An Interview With Travel Society

A picture of the members of Travel Society
Alice Thébault

Ever fancied packing in your studies for a day, or even a week, and setting off with like minded students to explore the UK and beyond? Impact’s Alice Thébault catches up with the committee of Travel Society, a student society dedicated to letting you do just that.

Travel Society will soon be heading off to explore Norwich, Cardiff and even Morocco during the Easter holidays. Last semester, the society travelled to Cambridge, Bath, Oxford, Manchester, York, and Edinburgh, as well as venturing into Europe with a six-night trip to Amsterdam, Brussels, Bruges, and Paris. They’re also looking at organising trips to Newcastle as well as Central and Eastern Europe in the summer. Trips sell out fast (within a matter of minutes sometimes!), but there is a Whatsapp group where students sell their tickets if they’re no longer able to attend. 

I ask the president of Travel Society, Dan Haq, how they justify the price of the Morocco trip (£459 for members; £479 for non-members, excluding flights). He explains that it is the society’s sponsor, UniLife, who sets the price for longer trips, but group bookings, coach travel and partnerships with hostels and tour operators keep costs relatively low. He admits it can still get pricey, but that ultimately it works out cheaper than booking everything yourself. 

 A picture of the Clifton Suspension Bridge in Bristol 

The same is true of the UK-based trips, the prices of which are jointly decided by the treasurer and president. For example, a day trip to Liverpool with travel society will cost you £20.99, whilst the same return journey, if you were to book it yourself, would put upwards of a £36.00 dent in your bank account. 

For coffee recommendations, trust welfare officer, Jacob Edwards, to know the best spots

I ask Dan if his position as president allows him to decide which trips will run, but it turns out that the day trips are collectively decided upon by the committee. For longer trips, their sponsor presents them with a selection of trips to choose from. He emphasises the society’s openness to suggestions (which they glean from polls, Instagram stories and forms), which they are eager to accommodate, provided they are sufficiently popular. London, for example, he thinks is too busy and hectic for a coach to get around – and just imagine losing people on the tube!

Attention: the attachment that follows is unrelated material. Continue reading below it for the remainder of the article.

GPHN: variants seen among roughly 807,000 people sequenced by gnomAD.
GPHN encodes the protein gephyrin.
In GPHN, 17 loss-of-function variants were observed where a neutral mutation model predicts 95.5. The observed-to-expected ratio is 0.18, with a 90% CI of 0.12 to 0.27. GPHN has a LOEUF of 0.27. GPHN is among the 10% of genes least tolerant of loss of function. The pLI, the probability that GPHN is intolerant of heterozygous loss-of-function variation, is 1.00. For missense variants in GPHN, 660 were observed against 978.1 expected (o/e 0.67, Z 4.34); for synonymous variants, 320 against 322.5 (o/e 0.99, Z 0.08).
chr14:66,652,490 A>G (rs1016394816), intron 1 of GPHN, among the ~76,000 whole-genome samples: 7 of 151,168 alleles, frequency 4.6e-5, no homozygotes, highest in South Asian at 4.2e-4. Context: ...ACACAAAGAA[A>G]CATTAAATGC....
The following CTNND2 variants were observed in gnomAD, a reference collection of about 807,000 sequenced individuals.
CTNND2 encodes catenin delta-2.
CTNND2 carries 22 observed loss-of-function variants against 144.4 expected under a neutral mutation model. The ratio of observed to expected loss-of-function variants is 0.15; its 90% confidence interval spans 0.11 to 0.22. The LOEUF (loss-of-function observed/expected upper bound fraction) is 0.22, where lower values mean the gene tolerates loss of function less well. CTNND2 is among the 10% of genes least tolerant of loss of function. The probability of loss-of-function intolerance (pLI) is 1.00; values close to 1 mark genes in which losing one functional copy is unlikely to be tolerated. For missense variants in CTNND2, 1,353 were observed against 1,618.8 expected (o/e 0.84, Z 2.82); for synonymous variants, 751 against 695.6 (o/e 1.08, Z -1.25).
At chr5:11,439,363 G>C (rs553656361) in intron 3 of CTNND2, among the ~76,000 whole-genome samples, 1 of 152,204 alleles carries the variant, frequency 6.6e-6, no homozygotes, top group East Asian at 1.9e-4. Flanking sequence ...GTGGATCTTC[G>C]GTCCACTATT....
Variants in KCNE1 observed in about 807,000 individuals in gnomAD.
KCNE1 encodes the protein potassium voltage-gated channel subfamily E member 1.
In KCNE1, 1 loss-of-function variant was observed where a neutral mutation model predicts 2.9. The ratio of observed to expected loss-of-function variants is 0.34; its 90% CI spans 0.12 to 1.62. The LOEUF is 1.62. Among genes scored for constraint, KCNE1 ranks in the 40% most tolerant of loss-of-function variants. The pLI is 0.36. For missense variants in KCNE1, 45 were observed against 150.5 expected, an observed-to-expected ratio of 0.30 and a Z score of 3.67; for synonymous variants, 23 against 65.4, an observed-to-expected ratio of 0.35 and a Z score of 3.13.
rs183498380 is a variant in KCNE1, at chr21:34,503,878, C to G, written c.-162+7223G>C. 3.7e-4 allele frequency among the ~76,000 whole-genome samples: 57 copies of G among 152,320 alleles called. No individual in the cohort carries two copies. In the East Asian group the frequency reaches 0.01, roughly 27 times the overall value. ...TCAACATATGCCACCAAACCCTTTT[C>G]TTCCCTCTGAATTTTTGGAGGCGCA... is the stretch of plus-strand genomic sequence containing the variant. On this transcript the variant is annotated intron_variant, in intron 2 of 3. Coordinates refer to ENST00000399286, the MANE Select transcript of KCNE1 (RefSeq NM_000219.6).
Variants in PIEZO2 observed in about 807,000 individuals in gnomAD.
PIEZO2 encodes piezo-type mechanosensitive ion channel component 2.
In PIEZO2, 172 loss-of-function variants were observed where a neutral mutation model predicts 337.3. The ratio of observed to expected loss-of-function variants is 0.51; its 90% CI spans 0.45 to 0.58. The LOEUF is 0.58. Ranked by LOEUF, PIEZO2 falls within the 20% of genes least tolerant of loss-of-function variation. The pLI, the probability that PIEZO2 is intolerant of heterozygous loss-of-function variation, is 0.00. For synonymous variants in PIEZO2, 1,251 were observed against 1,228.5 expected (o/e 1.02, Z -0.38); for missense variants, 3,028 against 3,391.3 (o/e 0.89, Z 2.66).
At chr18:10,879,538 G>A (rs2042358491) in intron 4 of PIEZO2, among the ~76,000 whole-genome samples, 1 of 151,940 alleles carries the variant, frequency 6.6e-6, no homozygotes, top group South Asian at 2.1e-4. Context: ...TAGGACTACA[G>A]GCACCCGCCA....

The society has taken steps towards environmental sustainability by digitising the majority of its travel leaflets, which activities officer, Beth Evan, puts together for each destination – so you’ll never be short of ideas of things to do and places to eat! For coffee recommendations, trust welfare officer, Jacob Edwards, to know the best spots. If he is addicted to coffee, it’s for the society’s benefit. 

A picture of a man laughing in front of pastel coloured buildings

Weather permitting, Jacob is intent on reinstating his Welfare Wednesday walks around the lake on campus (unfortunately, the accompanying free coffee from Portland Coffee Co. had to be discontinued due to its popularity exercising undue pressure on both the staff and Jacob himself). He’s also working on collaborating with other societies, such as the highly popular Dogsoc, as well as alternative film club society and craft society.